The balance between the combat challenge and the loot rewards for beating them, at least right now at launch, is at a good place. You don’t see orange Legendaries popping that often, not until the endgame, but the rate in which numbers go up is just nice. Not too long where you’re stuck with the same loadout that will make you bored of the gameplay loop. But not too often enough to make you always be in analysis paralysis over which purple gun is better for your build right now.

Enemies will also scale to your level as well. They will always be either of the same level or a couple levels higher than you. So you don’t need to worry about needing to complete some sidequests while its level requirement remains relevant. Go do those whenever you feel like it.

South By Southwest

The Wonderlands have no vehicles, as all the lands can be travelled on foot. Levels aren’t too big as a result.
This time around, the levels are connected via an Overworld. Think of how Final Fantasy’s world map traversal, but your character’s head is oversized like a bobblehead and you’re not far off. And yes, it even has random encounters. Not JRPG levels of annoying, but when you walk into a tall grass, there’s a likelihood an enemy (also with an oversized head) will spawn to hunt you down. You can bonk them or run away to skip the fight. Otherwise, you’ll load into what is called a random encounter.

These encounters take place in open-ended arena maps. It has all the design cues as your typical open area that you see in the actual levels where you do most of the combat. Enemies will keep pouring in, slay enough and they’ll stop. A reward chest and an exit portal will appear afterwards.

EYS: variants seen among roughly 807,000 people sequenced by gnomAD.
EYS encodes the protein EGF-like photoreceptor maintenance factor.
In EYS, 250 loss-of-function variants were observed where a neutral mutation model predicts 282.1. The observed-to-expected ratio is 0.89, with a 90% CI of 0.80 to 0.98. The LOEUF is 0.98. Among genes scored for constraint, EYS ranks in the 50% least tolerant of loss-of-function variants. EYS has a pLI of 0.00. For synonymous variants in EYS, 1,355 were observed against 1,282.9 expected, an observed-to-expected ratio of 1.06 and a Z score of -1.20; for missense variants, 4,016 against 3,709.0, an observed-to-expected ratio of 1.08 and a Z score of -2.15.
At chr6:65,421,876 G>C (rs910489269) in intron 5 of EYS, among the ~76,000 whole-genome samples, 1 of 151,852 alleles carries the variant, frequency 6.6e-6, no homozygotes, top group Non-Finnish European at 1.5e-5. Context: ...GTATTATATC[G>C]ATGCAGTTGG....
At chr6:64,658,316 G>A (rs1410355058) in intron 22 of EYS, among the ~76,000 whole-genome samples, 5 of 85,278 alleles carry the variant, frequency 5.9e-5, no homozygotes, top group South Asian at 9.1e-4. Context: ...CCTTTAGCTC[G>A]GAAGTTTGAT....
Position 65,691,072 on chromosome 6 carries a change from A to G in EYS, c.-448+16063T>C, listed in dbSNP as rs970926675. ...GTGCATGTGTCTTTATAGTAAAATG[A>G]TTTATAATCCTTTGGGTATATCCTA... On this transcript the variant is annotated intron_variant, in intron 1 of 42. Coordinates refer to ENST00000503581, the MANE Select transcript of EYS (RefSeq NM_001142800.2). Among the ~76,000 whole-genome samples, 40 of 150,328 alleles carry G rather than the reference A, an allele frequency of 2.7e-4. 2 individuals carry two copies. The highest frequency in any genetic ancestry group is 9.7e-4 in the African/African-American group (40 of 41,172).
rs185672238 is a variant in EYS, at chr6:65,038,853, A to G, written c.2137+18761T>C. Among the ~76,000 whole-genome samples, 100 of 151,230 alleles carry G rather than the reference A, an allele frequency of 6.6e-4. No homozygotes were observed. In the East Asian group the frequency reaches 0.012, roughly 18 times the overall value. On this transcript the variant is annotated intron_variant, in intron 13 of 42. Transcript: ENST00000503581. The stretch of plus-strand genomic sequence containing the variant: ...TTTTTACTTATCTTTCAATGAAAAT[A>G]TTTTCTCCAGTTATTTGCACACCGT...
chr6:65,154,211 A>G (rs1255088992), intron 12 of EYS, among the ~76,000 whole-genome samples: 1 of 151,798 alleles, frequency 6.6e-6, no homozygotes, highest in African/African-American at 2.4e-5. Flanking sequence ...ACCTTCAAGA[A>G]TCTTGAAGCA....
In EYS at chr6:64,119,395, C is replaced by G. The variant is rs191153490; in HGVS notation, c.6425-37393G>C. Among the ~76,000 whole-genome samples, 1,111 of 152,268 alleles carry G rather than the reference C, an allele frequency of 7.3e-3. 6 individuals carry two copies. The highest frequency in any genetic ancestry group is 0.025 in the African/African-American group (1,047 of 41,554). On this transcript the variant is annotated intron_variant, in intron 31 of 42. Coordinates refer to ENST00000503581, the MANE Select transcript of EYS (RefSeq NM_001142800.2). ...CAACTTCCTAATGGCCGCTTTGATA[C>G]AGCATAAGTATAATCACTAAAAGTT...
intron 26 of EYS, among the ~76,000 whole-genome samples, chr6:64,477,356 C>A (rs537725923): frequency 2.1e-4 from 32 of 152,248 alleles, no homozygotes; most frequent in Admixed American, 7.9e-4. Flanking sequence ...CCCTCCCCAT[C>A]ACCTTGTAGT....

There are optional encounters that you can partake in as part of quests or findings sacred runes that will give you buffs. Alongside finding shortcuts and other collectibles, the Overworld is a cool addition that lets you go and explore a bit, if the constant looting and shooting wear you down.

Wonderlands delivers an amazing looter-shooter gameplay loop that will keep you going. And there are smaller distractions should you need to take a break.


Tiny Tina’s Wonderlands is relatively short, compared to the other Gearbox looter-shooters. I reached the end of the campaign in under 20 hours, at level 30 (the level cap right now is 40). And it could be shorter if I decided to beeline the critical path and ignore the side locations. There are a good amount of levels and locations that are entirely optional.